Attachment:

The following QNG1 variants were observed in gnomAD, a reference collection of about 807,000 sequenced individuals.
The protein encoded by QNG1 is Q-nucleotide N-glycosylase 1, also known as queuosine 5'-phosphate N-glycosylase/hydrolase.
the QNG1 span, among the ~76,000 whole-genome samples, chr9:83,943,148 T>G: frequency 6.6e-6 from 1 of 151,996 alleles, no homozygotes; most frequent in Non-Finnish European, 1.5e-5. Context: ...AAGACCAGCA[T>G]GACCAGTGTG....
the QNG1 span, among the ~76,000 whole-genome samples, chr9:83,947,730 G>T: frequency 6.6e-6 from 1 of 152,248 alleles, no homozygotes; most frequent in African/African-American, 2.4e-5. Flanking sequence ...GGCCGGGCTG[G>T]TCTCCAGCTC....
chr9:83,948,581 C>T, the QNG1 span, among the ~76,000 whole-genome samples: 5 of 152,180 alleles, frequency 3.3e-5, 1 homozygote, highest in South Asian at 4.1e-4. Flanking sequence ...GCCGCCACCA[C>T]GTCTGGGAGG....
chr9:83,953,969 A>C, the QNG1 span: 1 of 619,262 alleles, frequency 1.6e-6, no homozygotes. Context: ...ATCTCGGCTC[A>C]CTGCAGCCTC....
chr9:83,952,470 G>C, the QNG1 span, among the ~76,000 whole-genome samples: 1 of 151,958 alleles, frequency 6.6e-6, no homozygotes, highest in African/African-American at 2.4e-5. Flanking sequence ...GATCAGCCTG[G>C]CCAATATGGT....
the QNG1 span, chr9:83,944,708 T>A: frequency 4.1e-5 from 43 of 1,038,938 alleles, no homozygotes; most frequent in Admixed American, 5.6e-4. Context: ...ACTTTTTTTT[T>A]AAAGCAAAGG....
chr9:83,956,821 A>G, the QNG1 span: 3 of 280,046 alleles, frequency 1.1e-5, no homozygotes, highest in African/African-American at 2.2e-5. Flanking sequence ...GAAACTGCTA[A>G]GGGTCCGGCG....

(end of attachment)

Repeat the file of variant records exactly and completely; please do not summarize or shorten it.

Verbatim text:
The following QNG1 variants were observed in gnomAD, a reference collection of about 807,000 sequenced individuals.
The protein encoded by QNG1 is Q-nucleotide N-glycosylase 1, also known as queuosine 5'-phosphate N-glycosylase/hydrolase.
the QNG1 span, among the ~76,000 whole-genome samples, chr9:83,943,148 T>G: frequency 6.6e-6 from 1 of 151,996 alleles, no homozygotes; most frequent in Non-Finnish European, 1.5e-5. Context: ...AAGACCAGCA[T>G]GACCAGTGTG....
the QNG1 span, among the ~76,000 whole-genome samples, chr9:83,947,730 G>T: frequency 6.6e-6 from 1 of 152,248 alleles, no homozygotes; most frequent in African/African-American, 2.4e-5. Flanking sequence ...GGCCGGGCTG[G>T]TCTCCAGCTC....
chr9:83,948,581 C>T, the QNG1 span, among the ~76,000 whole-genome samples: 5 of 152,180 alleles, frequency 3.3e-5, 1 homozygote, highest in South Asian at 4.1e-4. Flanking sequence ...GCCGCCACCA[C>T]GTCTGGGAGG....
chr9:83,953,969 A>C, the QNG1 span: 1 of 619,262 alleles, frequency 1.6e-6, no homozygotes. Context: ...ATCTCGGCTC[A>C]CTGCAGCCTC....
chr9:83,952,470 G>C, the QNG1 span, among the ~76,000 whole-genome samples: 1 of 151,958 alleles, frequency 6.6e-6, no homozygotes, highest in African/African-American at 2.4e-5. Flanking sequence ...GATCAGCCTG[G>C]CCAATATGGT....
the QNG1 span, chr9:83,944,708 T>A: frequency 4.1e-5 from 43 of 1,038,938 alleles, no homozygotes; most frequent in Admixed American, 5.6e-4. Context: ...ACTTTTTTTT[T>A]AAAGCAAAGG....
chr9:83,956,821 A>G, the QNG1 span: 3 of 280,046 alleles, frequency 1.1e-5, no homozygotes, highest in African/African-American at 2.2e-5. Flanking sequence ...GAAACTGCTA[A>G]GGGTCCGGCG....